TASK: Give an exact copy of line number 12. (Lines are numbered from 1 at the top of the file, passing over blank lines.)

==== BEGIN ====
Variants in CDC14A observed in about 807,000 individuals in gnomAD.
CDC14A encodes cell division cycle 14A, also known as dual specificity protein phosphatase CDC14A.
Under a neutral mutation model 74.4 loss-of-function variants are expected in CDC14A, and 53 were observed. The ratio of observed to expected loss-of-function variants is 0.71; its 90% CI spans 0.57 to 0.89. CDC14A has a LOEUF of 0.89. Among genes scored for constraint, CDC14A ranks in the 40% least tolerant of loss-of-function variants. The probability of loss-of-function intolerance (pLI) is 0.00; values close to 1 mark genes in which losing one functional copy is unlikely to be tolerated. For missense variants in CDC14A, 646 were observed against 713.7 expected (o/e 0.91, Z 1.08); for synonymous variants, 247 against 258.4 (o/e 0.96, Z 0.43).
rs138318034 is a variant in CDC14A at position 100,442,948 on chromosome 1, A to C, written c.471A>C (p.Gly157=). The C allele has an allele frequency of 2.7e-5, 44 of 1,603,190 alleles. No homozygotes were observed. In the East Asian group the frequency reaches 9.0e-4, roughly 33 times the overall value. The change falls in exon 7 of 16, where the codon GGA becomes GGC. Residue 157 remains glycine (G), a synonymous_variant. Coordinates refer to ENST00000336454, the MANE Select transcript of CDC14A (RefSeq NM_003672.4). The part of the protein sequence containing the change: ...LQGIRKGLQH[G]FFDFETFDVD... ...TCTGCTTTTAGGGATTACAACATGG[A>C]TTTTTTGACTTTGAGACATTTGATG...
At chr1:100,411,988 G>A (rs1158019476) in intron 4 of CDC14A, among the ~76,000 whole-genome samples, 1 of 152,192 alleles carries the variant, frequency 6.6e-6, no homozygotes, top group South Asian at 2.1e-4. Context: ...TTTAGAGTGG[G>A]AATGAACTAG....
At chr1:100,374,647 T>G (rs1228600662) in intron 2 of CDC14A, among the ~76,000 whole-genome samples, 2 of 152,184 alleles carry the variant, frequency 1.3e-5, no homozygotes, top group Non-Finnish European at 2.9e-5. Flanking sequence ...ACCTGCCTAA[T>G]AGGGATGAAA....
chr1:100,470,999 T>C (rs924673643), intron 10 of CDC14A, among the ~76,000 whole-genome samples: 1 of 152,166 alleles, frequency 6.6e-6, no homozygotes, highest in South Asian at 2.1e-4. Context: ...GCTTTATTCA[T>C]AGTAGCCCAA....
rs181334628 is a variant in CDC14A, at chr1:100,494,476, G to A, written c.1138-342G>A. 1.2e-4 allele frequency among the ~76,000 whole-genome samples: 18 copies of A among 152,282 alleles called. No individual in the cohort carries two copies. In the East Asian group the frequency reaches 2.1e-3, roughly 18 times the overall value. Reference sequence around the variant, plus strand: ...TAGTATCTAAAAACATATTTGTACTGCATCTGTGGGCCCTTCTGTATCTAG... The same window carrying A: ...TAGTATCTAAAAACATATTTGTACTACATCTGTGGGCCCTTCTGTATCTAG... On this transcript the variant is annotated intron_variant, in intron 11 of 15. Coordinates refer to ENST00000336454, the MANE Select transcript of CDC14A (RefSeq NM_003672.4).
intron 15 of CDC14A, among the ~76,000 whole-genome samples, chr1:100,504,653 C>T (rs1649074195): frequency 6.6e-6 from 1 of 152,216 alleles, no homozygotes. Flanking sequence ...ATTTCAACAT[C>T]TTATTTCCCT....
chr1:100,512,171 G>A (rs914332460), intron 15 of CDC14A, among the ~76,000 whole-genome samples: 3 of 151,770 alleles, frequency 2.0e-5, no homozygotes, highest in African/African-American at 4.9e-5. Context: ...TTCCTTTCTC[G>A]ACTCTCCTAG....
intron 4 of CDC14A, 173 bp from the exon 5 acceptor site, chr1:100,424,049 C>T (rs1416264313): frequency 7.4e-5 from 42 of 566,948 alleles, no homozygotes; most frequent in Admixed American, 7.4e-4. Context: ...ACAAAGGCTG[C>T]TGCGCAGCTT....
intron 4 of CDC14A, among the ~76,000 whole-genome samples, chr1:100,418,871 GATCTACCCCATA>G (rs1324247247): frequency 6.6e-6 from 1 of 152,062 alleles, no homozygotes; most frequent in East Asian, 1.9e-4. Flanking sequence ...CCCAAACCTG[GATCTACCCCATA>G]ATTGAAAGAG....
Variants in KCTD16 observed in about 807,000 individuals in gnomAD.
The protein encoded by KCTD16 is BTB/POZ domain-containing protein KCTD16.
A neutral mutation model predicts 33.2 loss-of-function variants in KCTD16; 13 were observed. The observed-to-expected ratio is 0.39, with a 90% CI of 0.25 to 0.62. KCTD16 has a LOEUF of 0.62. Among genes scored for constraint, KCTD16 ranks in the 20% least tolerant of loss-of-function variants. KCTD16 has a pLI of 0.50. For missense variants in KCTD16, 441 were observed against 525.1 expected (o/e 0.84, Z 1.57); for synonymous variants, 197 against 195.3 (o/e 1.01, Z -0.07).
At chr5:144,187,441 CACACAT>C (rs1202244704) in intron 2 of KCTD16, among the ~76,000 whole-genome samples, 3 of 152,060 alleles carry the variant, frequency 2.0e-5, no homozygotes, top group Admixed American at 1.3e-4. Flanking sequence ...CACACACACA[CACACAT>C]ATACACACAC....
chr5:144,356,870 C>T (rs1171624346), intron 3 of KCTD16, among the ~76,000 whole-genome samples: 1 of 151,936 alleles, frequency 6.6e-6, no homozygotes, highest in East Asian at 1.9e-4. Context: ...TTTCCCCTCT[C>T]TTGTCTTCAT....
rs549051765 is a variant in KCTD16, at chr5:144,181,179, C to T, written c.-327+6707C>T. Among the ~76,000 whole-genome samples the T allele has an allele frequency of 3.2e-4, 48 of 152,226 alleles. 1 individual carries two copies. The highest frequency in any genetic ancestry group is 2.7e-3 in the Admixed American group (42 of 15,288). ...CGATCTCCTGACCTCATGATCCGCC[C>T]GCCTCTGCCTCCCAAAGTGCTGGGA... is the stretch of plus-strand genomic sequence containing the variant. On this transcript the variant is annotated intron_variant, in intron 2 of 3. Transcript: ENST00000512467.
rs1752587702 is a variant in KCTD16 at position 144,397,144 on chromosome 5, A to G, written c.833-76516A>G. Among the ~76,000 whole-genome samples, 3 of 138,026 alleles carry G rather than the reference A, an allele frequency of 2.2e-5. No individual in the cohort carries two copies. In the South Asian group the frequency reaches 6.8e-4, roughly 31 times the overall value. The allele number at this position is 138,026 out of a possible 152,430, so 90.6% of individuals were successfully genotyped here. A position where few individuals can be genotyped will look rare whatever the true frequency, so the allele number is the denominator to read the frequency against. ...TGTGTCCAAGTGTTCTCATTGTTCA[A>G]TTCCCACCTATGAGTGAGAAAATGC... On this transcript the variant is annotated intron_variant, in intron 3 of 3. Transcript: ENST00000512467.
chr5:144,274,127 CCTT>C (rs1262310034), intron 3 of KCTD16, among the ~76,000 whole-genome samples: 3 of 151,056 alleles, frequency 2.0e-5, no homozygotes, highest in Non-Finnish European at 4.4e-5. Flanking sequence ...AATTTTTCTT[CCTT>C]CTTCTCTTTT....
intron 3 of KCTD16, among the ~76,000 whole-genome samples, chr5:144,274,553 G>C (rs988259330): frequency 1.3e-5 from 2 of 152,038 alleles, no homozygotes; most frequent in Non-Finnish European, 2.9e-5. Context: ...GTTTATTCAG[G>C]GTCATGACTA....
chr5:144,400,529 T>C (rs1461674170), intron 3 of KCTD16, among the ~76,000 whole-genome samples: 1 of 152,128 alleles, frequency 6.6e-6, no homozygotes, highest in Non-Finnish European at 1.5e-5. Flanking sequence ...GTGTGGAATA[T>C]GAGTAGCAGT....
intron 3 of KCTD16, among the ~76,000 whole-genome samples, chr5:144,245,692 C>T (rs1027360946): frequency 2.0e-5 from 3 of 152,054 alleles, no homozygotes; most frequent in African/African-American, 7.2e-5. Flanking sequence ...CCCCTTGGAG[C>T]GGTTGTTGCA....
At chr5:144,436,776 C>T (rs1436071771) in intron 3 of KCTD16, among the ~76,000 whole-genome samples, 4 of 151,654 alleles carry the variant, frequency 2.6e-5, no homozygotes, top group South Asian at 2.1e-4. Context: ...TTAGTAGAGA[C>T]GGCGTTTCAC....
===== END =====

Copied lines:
intron 4 of CDC14A, among the ~76,000 whole-genome samples, chr1:100,418,871 GATCTACCCCATA>G (rs1324247247): frequency 6.6e-6 from 1 of 152,062 alleles, no homozygotes; most frequent in East Asian, 1.9e-4. Flanking sequence ...CCCAAACCTG[GATCTACCCCATA>G]ATTGAAAGAG....